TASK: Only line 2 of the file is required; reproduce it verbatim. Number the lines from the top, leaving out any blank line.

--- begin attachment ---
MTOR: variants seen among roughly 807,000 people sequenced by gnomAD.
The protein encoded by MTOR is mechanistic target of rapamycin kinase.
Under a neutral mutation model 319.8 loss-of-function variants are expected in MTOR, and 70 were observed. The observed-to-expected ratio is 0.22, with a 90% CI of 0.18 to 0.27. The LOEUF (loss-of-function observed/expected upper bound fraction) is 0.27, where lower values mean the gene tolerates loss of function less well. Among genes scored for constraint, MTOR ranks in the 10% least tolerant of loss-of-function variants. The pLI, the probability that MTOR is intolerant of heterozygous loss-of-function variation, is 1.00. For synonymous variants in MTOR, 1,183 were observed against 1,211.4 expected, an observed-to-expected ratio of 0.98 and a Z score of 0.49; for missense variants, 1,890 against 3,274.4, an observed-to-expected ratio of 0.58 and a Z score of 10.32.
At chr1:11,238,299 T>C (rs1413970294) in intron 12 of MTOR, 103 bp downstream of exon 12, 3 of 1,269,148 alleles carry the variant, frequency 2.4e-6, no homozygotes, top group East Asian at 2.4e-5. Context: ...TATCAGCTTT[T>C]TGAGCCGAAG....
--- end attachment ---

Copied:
The protein encoded by MTOR is mechanistic target of rapamycin kinase.